In early 2020, GalCan Electric & General Contracting, LLC, was well positioned for the year ahead. Established in 2005 by spouses Patricia Jones, who serves as president, and Allan Jones, the company’s CEO, GalCan had become a leading provider of electrical services to the New Orleans metropolitan area. They were on track to meet current goals, were participating in sustainable community redevelopment projects and were running a paid mentorship program introducing girls to the construction industry. In short, things were going very well.
Then COVID-19 hit, and the work orders stopped. “I had people ready to work, and I couldn’t send them anywhere,” said Patricia Jones. “My people were feeling afraid, and they needed to support their families.”
In addition, Jones faced the possibility of losing highly trained master electricians, many of whom had come up through the company’s own apprenticeship program. “To lose people that you’ve trained, that’s years of investment in employees, and it could all be gone from COVID.”
Seeking a Solution
GalCan is far from alone in facing this dilemma. Businesses small and large across the country are enduring everything from temporary shutdowns, reduced operating capacity and layoffs to bankruptcy and permanent closures.
The federal Paycheck Protection Program (PPP) has offered some relief. As of June 30, 2020, the program had approved 4.9 million loans, with an average loan size of approximately $100,000.1 However, many minority- and women-owned businesses have found difficulties obtaining PPP funds.
For example, just 12 percent of black and Latino business owners who applied for PPP loans say they received what they asked for, compared to 38 percent of all U.S. small businesses.2 Of businesses receiving PPP funds, approximately 31,000 identified as woman-owned, compared to 159,000 identifying as male owned.3
Fortunately, GalCan — which is both a minority- and a woman-owned business — had an existing relationship with Hancock Whitney and could turn to the bank for guidance Hancock Whitney has been a leader in helping Gulf South businesses of all types access PPP funds, approving 12,000 loans totaling more than $2.4 billion, with 67 percent for amounts under $100,000.
Building A Relationship
GalCan was introduced to Hancock Whitney when its former financial institution was acquired by Hancock Whitney in 2017. Since then, Jones has developed a strong relationship with her local financial center manager, with whom she has regular quarterly meetings. “It’s a larger bank, but still has the connectivity feel,” she said.
That connection proved useful as Jones faced the challenges of a pandemic. “Because I already had a relationship with Hancock Whitney, we were already talking about different bank products,” she said. “We already had a line of credit being worked on, and we were talking about the PPP loan from day one. I was already putting together the package [of documents] that was needed.”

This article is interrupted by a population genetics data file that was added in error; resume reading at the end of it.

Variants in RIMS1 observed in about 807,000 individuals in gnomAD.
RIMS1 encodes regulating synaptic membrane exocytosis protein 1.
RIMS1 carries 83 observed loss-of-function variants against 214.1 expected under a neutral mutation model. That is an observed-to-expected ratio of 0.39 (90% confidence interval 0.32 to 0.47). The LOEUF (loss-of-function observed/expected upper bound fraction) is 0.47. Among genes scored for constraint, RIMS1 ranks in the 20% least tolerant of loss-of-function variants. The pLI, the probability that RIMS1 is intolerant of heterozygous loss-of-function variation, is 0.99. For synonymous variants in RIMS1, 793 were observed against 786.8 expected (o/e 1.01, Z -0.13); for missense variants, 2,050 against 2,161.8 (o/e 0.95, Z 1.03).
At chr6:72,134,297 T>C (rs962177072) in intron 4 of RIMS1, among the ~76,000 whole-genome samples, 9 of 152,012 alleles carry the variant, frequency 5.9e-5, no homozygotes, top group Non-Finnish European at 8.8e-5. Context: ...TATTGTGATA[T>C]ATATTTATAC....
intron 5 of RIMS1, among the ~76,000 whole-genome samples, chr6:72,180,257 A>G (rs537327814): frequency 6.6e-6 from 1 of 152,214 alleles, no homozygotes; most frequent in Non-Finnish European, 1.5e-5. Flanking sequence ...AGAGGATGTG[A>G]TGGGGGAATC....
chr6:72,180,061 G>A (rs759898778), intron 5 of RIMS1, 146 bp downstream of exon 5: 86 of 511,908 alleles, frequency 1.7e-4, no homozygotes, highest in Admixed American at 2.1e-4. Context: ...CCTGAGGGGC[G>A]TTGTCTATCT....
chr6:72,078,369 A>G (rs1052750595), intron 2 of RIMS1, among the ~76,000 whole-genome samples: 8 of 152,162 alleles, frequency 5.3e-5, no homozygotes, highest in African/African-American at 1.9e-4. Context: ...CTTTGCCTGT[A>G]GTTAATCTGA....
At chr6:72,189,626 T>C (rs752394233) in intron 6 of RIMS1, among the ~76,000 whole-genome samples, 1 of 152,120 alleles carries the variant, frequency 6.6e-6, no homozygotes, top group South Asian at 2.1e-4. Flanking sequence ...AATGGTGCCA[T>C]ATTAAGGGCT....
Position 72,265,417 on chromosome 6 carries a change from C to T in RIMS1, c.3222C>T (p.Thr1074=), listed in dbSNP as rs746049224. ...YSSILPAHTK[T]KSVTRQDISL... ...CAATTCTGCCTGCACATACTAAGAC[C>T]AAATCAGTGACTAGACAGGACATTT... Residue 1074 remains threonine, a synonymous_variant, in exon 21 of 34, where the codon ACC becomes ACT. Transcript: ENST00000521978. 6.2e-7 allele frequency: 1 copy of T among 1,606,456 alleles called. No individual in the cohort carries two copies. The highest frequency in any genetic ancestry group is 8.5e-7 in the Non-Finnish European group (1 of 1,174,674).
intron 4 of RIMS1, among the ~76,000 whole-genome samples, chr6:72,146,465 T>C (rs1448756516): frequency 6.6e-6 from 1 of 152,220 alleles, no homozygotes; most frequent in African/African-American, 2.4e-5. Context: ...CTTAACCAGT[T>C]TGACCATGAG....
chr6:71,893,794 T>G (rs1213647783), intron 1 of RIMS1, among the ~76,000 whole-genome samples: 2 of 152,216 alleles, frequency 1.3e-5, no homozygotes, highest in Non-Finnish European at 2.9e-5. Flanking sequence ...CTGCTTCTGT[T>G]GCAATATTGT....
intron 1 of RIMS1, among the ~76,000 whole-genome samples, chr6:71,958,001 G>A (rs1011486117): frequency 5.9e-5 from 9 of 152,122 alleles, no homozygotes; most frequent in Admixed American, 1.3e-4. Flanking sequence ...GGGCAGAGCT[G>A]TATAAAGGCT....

Managing through the Crisis
Jones saw the PPP funds GalCan received through Hancock Whitney as a stop-gap measure that would allow her to support her team, which she views as family. “We could’ve shut everything down and waited it out at home,” she said. “But looking at the families connected to our decisions, we thought, ‘How can we make it work?’”
With the PPP funds and a deferment on the line of credit payments, GalCan has been able to keep its workforce in place and paid. Jones has also relied on Hancock Whitney’s regular updates to stay current on PPP changes. “When information is coming in from all over the place, to have that kind of resource from your banking partner is phenomenal,” she said.
She’s continued her personal connection with her financial center manager, too. “The relationship is real, because we’re spending time speaking with each other,” she said. “As a small business, you have to get comfortable with financial services and leaning on your banking advisors to tell you what they have. Information is power.”
Jones isn’t complacent about the future, though. “We’re still going to be operating skinny because we don’t know how long this is going on,” she noted. “Every day, I just keep breathing.”
However, by the end of July, the company was caught back up on line of credit payments, was beginning to get paid for work again, was seeing growth in a new area (home warranty service calls) and had won a bid on a new construction project. “We’re back on track,” said Jones. “The trajectory is going well, and I’m confident GalCan will be around for a long time. I have confidence that we have the systems in place — our internal infrastructure is strong enough to weather the storm, and we have the strategic partnerships to make it work.”
1: “SBA and Treasury Announce Release of Paycheck Protection Program Loan Data,” U.S. Department of Treasury, posted July 6, 2020
2: “Few Minority-Owned Business Got Relief Loans They Asked For,” Emily Flitter, The New York Times, posted May 18, 2020
3: “Where are all the women-owned firms on the list of PPP loan recipients?” Heather Grossman, BossBetty.com, posted July 7, 2020